Ventura Fish and Wildlife Office
A Unit of the
Pacific Southwest Region
Ecological Services | California
'Former gang member turned conservationist
Anthony Prieto turned his life of gangs around in the late 1980s by taking up hunting. From there he became a non-lead hunting advocate for the recovery of the endangered California condor.
Marsh of dreams
“It’s a very secretive salt marsh bird. You could be 20 feet away from them, but you'll never see them.” The light-footed Ridgway’s rail once inhabited the wetlands that occupied California’s coast. The last sighting of the rail in Santa Barbara County’s Carpinteria Salt Marsh Reserve was in 2004.
From Devastation to Collaboration
In December 2017, the largest wildfire in modern California history threatened the city of Ojai. Miraculously, Ojai remained mostly unscathed, thanks to firefighters from across the West. Just outside of town though, 1,500 out of 2,300 acres of Ojai Valley Land Conservancy’s open space was burned by the fire.
One river remains
Despite channelized or leveed waterways that resemble concrete canals more than Instagram-worthy landscapes, only the Santa Clara River remains untouched by development in Southern California
Hanging by a thread
California’s ‘liveforevers’ face new threat: poachers engaged in lucrative, illegal succulent trade
Flourishing return: Once presumed extinct, plant returns following successful first year planting
The San Fernando Valley spineflower, once believed extinct, is now flourishing in the hills above the Santa Clarita Valley in Los Angeles County.
Celebrating Women in Science
Meet the women of the U.S. Fish and Wildlife Service in Ventura, California.
2018 Year in Review
Conservation success stories from the people of the U.S. Fish and Wildlife Service who work to protect fish, wildlife, plants, and natural habitats of the central and Southern California coast.
'All is not lost.' Rare California red-legged frogs fight for survival following SoCal wildfire
Amid an ashy creek bed in the Simi Hills, rare frogs are fighting for survival following the Woolsey Fire, which swept across Ventura and Los Angeles Counties this November, prompting mass evacuations.
Hawkeyes, tritons and rails? Unique partnership helps rare birds share land and sky with military aircraft
Sixty-five miles northwest of Los Angeles, Naval Base Ventura County houses a diverse array of tactical aircraft from E-2 Hawkeyes to MQ-4C Triton Unmanned Aircraft Systems. But did you know that this Naval Base is also home to other rare aerial wonders from the secretive light-footed clapper rail to the California least tern?
Artichokes and amphibians: Watsonville Slough Farm brings land conservation and farming together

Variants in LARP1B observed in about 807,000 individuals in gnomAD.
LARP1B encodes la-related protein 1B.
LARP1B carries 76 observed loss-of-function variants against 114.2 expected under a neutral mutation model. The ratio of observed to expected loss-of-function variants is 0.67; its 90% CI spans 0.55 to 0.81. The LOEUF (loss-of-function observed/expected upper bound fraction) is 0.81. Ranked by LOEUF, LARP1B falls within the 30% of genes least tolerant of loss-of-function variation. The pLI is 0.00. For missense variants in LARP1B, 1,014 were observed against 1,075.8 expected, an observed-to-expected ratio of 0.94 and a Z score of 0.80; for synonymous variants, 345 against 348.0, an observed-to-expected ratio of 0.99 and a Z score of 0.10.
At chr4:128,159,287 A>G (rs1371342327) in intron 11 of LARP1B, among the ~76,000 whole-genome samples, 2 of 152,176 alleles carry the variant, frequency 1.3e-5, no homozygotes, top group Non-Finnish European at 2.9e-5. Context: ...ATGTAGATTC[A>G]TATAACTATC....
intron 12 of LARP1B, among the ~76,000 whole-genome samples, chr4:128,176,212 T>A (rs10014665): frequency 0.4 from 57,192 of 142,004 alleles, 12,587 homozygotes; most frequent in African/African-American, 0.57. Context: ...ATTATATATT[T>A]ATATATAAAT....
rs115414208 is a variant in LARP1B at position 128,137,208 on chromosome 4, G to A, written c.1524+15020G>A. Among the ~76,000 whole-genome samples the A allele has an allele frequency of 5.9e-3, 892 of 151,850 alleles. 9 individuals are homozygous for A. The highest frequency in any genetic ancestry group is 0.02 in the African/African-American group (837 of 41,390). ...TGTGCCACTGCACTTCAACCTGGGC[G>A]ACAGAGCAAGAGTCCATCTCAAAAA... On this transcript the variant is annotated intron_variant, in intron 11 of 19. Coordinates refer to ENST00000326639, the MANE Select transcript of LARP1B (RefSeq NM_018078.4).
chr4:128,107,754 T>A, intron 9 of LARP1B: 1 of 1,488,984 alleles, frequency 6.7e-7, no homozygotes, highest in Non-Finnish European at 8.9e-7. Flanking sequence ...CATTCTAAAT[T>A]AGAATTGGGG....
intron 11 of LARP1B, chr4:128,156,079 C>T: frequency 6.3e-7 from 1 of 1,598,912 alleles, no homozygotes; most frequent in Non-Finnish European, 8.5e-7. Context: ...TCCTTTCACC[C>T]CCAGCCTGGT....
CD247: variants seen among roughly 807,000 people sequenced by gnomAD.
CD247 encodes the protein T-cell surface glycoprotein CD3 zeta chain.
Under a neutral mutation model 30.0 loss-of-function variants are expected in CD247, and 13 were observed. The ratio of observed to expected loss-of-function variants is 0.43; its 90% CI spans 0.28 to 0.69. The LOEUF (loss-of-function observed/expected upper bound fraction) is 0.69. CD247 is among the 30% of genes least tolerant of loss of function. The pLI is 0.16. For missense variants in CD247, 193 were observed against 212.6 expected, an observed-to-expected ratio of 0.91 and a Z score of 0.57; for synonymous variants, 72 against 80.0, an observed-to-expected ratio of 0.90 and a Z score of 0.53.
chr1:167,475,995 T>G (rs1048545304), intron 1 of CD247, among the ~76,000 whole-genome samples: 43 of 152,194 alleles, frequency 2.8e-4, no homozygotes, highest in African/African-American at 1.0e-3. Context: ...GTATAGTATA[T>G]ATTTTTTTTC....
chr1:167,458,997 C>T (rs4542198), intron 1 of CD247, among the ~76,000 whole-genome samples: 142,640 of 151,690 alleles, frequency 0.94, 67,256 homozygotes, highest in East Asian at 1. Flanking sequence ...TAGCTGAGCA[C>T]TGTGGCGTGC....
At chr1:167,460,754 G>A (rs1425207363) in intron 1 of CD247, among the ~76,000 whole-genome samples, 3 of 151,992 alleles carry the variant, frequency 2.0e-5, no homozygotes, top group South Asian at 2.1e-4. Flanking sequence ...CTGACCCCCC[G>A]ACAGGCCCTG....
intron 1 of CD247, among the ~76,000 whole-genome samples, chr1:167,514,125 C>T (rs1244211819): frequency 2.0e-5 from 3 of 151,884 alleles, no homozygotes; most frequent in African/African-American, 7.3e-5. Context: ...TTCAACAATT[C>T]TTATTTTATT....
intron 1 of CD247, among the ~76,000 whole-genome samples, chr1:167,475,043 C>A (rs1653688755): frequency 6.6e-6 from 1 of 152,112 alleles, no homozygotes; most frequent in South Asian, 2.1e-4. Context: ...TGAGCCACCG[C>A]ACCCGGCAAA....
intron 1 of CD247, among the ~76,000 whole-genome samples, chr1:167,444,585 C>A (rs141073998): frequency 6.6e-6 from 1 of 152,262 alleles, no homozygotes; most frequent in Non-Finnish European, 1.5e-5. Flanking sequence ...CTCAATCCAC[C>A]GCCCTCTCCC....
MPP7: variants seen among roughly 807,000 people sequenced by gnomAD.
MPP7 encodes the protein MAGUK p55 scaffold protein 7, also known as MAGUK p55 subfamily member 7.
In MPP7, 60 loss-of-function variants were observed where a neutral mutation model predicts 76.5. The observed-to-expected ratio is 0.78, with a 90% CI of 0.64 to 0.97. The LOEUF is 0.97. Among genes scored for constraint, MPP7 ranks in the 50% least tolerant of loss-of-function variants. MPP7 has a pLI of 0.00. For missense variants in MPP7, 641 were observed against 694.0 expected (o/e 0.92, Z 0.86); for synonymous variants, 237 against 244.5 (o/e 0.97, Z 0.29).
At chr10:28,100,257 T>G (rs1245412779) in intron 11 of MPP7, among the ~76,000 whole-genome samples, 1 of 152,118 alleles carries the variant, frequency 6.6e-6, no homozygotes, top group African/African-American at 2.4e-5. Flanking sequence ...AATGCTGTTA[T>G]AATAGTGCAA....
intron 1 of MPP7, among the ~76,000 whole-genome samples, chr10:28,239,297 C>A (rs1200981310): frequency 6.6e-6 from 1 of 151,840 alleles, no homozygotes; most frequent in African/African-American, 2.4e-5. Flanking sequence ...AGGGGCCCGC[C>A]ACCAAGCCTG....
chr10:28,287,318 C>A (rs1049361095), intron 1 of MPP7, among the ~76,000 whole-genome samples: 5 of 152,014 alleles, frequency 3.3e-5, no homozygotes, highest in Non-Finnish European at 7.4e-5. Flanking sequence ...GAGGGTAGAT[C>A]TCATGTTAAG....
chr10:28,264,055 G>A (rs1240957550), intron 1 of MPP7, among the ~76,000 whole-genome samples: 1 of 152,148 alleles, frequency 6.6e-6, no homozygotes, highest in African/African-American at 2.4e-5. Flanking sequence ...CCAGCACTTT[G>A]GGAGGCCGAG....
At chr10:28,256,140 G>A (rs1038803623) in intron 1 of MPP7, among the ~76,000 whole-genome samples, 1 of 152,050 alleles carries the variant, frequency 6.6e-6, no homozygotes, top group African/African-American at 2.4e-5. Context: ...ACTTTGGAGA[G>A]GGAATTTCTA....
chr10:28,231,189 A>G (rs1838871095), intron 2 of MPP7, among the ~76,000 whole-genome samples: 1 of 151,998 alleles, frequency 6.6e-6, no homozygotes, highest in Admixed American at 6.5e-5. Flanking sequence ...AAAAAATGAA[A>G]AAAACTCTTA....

Less than a minute’s drive from the outskirts of Watsonville, California, is a hidden gem: a small coastal farming community alive with flora and fauna known as Watsonville Slough Farm. It's 500-acres lies in the heart of one of California’s largest coastal wetlands.
Serenity in the slough: Sea otters lure the world to tiny coastal town
It’s a serene morning at Elkhorn Slough, one of the largest wetlands in the state of California. It’s 20 miles north of Monterey in the town of Moss Landing, population 204. Gena Bentall raises her binoculars to get a closer look at kayakers near a group of sea otters resting in the water. She likes what she sees.
A marriage of opposites? Condor conservation, oil research link couple
Can a committed conservationist find happiness with a guy whose living focuses on the search for oil? Absolutely, provided the two share a core belief: that conservation and industry can go hand-in-hand — yes, just as they do. The Faiths — Nadya and Luke — can show you how it’s done.
The lion in the tree: A botanist's mission to save our natural landscapes
Santa Cruz cypress, Lane Mountain milk-vetch, and Island bedstraw. Few people know them by name, but we can attribute their continued existence on Earth, in part, to one woman’s passion and commitment to their recovery. We delve into the life and career of Service botanist Connie Rutherford, and the plants she helped save from near extinction.
A promising future for a California plant once believed extinct
The San Fernando Valley spineflower, a tiny plant once believed extinct, has a promising future thanks to support from a Southern California developer.
Restoring the 'Galapagos of North America': California’s Channel Islands
Off the coast of California, a string of islands rise above the waves. Shaped by millions of years of tectonic, volcanic, and climatic events, the Channel Islands have played host to myriad plants and animals. Over the last several decades, scientists, biologists, land managers and local communities have rallied together to help restore these islands to their rich and biodiverse origins.
Sparling Ranch Conservation Bank a win-win for ranchers, developers, wildlife
More than 2,000 acres of valuable habitat will be permanently protected for California tiger salamanders and California red-legged frogs, including 14 breeding ponds, while the Sparling family continues to graze cattle on their land.
Twenty years of walking the beach in the name of science
Type the word “beachcomber” into any web browser and a variety of information appears for your perusal: quaint bed and breakfasts along the California coast, a pub in Oregon, or even the 1954 movie, “The Beachcomber,” about a mismatched group of Europeans living on remote islands in the Indian Ocean. You will also find the definition of the word according to, which, somewhat surprisingly, is “a person who lives by gathering salable articles of jetsam, refuse, etc., from beaches.”
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August 28, 2019
December 10, 2018

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Ventura Fish and Wildlife Office
US Fish and Wildlife Service
2493 Portola Road, Suite B
Ventura, California 93003